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harness racing must embrace change
Harness Racing

Will Harness Racing Embrace Change…Before It’s Too Late?

I was born with the sport of harness racing in my blood. I love it, everything about it. My passion for the sport originated from my mother, who has owned Standardbreds with her father since she was just a little girl. Although my grandfather has been gone for almost 10 years, his legacy lives on in the magnificent Standardbred he left to my mother who is now retired and lives a happy life on our trainer’s farm. We continue to own a few pacers, and I believe as long as my mother is able to, she will own and one day, I will, too.

I love everything about the sport of harness racing. I love the smell of the paddocks and the barns, the sound their hooves make when pacing and trotting around the track, the sounds of heavy breathing through their nostrils as they are determined to pass the horse next to them, the thrills of watching the horse I wagered on crossing the finish line first, the race calls that give me chills down my spine; all of it. So, I pose the question: how is it harness racing is slowly wilting away?

I have been to the racetrack for some of the top events in harness racing such as the Hambletonian Stakes and the Breeders Crown. These are two of many extremely important occasions in the sport, yet, the crowds are not… crowds. The scarce amount of people who do attend are.. well.. old. Older than me, I should say. I acknowledge that it is very rare for someone in my age group, the millennial generation, to be a fan of harness racing or even horse racing in general. But…. why?

Where has the sport gone wrong?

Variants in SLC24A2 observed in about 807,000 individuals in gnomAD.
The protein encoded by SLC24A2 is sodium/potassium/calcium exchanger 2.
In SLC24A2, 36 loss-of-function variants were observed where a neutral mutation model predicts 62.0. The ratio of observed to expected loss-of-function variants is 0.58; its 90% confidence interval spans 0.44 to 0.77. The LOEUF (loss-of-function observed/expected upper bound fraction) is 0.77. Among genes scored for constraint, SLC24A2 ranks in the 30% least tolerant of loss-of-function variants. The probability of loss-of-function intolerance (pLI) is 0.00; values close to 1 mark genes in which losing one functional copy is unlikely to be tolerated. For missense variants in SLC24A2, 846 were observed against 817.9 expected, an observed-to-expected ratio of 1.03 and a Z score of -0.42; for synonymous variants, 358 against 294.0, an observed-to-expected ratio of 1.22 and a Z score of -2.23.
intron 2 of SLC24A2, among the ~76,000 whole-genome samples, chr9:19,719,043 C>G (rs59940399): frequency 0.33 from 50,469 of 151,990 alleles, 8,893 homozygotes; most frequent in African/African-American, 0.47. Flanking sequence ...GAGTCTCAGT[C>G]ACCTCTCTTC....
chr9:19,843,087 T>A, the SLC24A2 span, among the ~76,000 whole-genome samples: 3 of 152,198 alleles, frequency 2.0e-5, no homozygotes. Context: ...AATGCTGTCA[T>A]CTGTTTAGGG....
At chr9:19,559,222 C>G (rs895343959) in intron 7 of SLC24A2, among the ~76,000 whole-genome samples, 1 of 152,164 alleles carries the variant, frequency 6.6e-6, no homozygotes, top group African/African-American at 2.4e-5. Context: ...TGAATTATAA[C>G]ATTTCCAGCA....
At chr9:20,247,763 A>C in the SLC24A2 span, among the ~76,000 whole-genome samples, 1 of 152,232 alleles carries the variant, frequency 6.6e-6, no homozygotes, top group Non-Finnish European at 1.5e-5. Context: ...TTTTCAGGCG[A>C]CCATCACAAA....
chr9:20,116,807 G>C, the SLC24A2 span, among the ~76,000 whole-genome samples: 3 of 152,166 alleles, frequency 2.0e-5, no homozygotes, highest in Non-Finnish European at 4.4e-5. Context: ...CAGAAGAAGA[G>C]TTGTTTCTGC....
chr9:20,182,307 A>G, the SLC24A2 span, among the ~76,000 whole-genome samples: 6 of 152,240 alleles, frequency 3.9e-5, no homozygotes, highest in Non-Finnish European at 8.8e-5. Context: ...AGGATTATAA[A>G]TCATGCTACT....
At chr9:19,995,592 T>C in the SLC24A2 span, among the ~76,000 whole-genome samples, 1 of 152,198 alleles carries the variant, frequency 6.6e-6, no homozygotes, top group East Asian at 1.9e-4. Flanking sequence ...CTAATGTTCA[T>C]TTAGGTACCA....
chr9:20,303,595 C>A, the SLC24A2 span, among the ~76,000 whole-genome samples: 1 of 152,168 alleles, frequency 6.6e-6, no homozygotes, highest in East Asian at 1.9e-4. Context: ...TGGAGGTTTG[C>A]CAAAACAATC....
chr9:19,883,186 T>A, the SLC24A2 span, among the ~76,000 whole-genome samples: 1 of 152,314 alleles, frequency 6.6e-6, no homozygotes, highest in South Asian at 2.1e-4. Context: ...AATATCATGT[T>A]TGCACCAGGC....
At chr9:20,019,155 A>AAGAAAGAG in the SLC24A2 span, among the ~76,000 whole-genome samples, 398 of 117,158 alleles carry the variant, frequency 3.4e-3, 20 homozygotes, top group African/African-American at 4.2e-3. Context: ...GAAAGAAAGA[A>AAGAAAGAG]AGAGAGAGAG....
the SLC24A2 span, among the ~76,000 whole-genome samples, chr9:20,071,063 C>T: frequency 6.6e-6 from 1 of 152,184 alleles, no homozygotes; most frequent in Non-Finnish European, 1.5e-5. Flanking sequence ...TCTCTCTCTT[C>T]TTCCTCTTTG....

I’ll tell you.

Harness racing.. is its own worst enemy. I don’t mean the sport itself.. but.. what helps the sport stay afloat, is the same thing drowning it. Harness racing’s biggest challenge comes from within. That “crowd” I told you about earlier? They have been watching the sport for years. Old mindsets continue to run the show. Harness racing has not been able to keep up with changing times. It has almost become a habit of sorts. People don’t like change, I get that. However, the sport needs freshness… air… breathing room for new ideas and creativity.

“Insanity is doing the same thing over and over again and expecting different results.” ~ Albert Einstein

I see the same concerns surfacing time and time again with no real solutions. Band-Aids have become the way of “fixing” things in the sport. These Band-Aids are worn; the wounds always re-open and soon enough, the sport will bleed out.

I have seen wonderful ideas for the sport surface in the last year; ideas that make total sense and would do wonders for harness racing’s success. However, when you have old minds saturating the outlets that would be utilized, the ideas do not seem so sensible. Sure, you need experienced people; people who have played the game for decades. Let’s face it: experience is what everybody wants. It is next to impossible to get a decent job and make a decent living without some sort of experience, regardless of your title or degree. But, experience isn’t always the answer! In this case, I believe harness racing needs newcomers, new faces and new ideas to change people’s way of thinking about the sport. We need a younger crowd to become engaged and enthralled in the sport, just as the older crowd had been when they were younger. Harness racing is facing an impending doom without this support. What happens when that older crowd is no more?

The sport needs to adopt a more open-minded approach than it has. We need to come together as a harness racing family to fight for the sport that we all know and love, even if it means that things will get worse before it gets better. “All great change is preceded by CHAOS.” Too many times in my life have I seen an idea proposed and automatically shot down by naysayers: “that won’t work” “it’s too much work” “nobody will agree” “it’s useless”.. etc. Meanwhile…. what is currently being implemented IS NOT WORKING.